United States Judo Federation is a non-profit organization that sets national standards and guidelines for the advancement of grassroots judo for students and members. The USJF is the oldest national Judo organization in the United States, and comprises local associations called Yudanshakai, including the Black Belt Holder’s Association, local clubs or schools (dojos), and individual members.

The Martial Arts Teachers Association offers training and certification for instructors, plus deep resources for learning how to run a profitable martial arts studio, as well as access to affordable insurance plans. Membership is $37 a month or $199 for a full year paid in advance.

There are also many informal Judo groups on social media. You can review an extensive list of Judo instructor networking groups here.

Judo instructor sparring with a partner


You’ll find job openings for Judo instructors at martial arts studios, public recreation centers, the YMCA, larger gyms with fitness programs and fitness centers focused on children.

Before applying for jobs, make copies of your resume. You’ll need printed copies as well as a resume for online distribution. For resumes going out by email, the best way to attach documents to your email is by creating .pdf files with Adobe Acrobat. These types of files are considered safe to send and are much less likely to trigger a spam alert in the recipient’s mailbox. Always send attachments as .pdf files and you improve the odds that your online correspondence reaches a real person, not a spam folder.

Also make photocopies of all your professional certifications and memberships in Judo organizations. These extra credentials set you apart from competitors for the same job, and prospective employers are more likely to put your application on the top of the pile when deciding who to interview for the position. Competition is fierce – on and off the Judo mat – so you may as well take advantage of every professional achievement you can show to an employer.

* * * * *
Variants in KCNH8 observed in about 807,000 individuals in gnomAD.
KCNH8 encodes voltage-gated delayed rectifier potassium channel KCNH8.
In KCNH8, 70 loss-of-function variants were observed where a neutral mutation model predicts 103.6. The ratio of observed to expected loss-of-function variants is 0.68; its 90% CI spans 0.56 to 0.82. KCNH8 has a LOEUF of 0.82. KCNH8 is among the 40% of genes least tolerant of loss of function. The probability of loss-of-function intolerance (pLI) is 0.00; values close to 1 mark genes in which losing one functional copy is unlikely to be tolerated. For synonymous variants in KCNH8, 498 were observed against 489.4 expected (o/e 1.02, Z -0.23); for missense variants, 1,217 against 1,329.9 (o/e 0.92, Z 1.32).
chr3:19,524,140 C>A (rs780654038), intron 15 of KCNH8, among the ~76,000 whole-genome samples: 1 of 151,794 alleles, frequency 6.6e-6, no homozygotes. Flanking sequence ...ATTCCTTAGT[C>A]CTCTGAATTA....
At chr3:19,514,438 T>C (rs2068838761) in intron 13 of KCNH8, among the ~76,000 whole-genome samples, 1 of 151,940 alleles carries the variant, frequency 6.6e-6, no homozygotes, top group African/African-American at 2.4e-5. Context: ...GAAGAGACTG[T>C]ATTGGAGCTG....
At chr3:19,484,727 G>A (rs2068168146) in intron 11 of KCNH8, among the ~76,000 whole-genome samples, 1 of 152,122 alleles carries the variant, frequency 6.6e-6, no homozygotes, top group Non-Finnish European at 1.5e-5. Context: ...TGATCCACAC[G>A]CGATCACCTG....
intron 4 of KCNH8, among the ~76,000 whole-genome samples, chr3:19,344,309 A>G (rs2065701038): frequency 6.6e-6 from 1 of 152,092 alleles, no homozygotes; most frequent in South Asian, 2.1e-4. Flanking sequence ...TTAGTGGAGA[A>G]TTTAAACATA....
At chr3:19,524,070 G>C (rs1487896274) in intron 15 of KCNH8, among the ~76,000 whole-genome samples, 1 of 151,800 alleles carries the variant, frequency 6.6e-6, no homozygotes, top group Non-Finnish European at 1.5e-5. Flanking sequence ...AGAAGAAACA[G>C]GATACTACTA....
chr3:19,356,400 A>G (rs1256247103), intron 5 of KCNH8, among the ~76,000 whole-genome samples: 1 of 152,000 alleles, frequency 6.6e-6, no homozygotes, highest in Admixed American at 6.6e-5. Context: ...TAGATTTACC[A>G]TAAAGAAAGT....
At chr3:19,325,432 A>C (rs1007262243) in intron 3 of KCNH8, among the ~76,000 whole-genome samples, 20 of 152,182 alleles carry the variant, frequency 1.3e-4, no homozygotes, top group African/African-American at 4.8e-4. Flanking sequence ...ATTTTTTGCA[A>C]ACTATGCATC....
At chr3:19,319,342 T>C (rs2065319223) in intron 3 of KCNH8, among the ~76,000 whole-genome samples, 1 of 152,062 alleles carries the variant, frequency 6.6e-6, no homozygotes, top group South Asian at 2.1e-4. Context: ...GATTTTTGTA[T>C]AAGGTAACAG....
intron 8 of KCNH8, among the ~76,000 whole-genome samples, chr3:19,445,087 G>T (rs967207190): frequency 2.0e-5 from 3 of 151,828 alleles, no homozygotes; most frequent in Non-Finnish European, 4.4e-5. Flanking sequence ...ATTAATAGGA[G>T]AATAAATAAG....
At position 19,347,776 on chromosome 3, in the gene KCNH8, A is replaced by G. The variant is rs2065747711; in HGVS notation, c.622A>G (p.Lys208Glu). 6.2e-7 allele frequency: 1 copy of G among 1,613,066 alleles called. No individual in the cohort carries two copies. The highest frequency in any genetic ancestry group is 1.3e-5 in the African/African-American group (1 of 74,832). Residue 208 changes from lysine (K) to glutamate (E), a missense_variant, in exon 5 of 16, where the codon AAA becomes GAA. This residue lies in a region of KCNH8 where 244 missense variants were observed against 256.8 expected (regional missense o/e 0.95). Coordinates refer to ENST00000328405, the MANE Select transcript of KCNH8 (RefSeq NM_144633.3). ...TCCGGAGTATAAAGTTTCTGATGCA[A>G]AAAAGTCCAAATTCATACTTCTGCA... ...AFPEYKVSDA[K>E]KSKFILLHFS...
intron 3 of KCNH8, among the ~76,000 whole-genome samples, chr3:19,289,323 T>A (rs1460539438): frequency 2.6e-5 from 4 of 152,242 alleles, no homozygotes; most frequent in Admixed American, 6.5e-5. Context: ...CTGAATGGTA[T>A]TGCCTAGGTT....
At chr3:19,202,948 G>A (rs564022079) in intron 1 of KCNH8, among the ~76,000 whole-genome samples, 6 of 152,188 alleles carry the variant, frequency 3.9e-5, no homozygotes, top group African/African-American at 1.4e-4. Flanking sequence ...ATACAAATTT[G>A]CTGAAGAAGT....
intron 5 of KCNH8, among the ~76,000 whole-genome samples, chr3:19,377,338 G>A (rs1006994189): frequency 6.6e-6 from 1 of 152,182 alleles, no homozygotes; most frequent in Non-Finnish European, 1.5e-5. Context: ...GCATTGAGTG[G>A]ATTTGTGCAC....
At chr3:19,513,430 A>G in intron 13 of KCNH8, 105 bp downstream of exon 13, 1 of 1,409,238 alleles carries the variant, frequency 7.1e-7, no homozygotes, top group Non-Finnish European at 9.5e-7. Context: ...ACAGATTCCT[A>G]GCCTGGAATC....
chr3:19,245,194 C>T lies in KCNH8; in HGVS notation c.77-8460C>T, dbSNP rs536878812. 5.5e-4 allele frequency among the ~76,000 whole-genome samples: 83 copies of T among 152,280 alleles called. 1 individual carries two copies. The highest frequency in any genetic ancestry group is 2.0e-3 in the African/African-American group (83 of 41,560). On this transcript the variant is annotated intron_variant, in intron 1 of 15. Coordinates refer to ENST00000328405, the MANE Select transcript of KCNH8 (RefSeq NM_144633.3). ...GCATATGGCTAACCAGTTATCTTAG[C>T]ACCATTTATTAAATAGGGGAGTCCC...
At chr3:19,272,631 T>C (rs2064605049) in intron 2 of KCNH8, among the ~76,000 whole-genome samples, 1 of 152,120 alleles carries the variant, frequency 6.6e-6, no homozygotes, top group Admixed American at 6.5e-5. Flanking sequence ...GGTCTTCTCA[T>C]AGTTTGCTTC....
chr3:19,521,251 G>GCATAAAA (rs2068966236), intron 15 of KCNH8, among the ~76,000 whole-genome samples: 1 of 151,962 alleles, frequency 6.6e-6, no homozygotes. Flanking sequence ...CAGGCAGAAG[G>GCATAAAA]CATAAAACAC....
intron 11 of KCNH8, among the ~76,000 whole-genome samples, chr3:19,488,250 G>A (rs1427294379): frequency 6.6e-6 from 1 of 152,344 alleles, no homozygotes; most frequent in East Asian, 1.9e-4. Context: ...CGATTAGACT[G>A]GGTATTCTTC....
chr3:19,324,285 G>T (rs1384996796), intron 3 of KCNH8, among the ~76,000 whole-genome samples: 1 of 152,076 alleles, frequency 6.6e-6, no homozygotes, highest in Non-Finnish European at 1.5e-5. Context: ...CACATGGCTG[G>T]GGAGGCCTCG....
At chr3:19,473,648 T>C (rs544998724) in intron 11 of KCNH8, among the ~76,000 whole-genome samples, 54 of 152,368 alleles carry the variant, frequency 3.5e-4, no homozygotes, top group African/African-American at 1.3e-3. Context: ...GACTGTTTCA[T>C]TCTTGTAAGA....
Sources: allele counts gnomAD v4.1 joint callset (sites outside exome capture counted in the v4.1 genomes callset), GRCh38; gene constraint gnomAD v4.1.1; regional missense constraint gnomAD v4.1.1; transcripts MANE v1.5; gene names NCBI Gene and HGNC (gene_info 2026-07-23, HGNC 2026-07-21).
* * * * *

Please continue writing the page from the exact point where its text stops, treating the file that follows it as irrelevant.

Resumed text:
Finding Clients
Congratulations. You’re opening your own Judo studio. Before you can unlock the front door and welcome students, you’ll need to do some marketing.

Judo partners sparring during a class

Business cards and a website should be the core of your marketing toolkit as a Judo instructor. The website can be as fancy as you like, so long as it is attractively designed, with photos of your Judo studio, students practicing their moves and a few pictures of you in action, training students. Your business location and contact information must be clearly visible at the top of every page on your website. The upper right-hand corner is a good location, but wherever you display the information it should be in the same location on every page. Search engines scan this information to match your website geographically with people searching for a Judo instructor.

In addition to your business website, you’ll want to create an Instagram account to showcase your Judo studio. Instagram is the top online venue for professionals to present themselves. It’s free and it’s always working on your behalf.

Next, build out a free Facebook page for your Judo school. This is a great way to grow followers and keep them up-to-date on what’s happening at your Judo school. You can run promotions and create teaser links to your business website by offering articles and news about Judo.

Now set up a Google My Business page, where you can display your hours of operation, photos and an interactive map of your location. There’s also an area for people to leave reviews of your business, so you can encourage students to post nice comments on your Google My Business page.

Setting up a page on each of these sites should take less than an hour.

Other strategies for attracting new business:

  • Create a referral program with discounts for students who bring new people to class.
  • Ask students to review your Judo training online. According to a recent survey, 90% of people say their buying decisions are influenced by positive online reviews.

Good to know

Because Judo involves physical contact, classroom safety is the most important aspect of this sport and must be front-of-mind when students are practicing under your watch. Beginners, especially, are prone to mistakes that could injure themselves or their sparring partners.

Judo student posing in a ready position

Experienced instructors will tell you that personal hygiene is likewise important. Students must understand that they should arrive for class with clean hands and feet, including neatly trimmed fingernails and toenails to prevent nasty cuts and scratches.

Students should also be required to remove all jewelry and body piercings before starting practice.

As an instructor, your job is to clean and sanitize practice mats before the start of the next class.

If you enjoyed this article, check out some more great content that can help you grow your career as a judo instructor. Here’s a great place to start.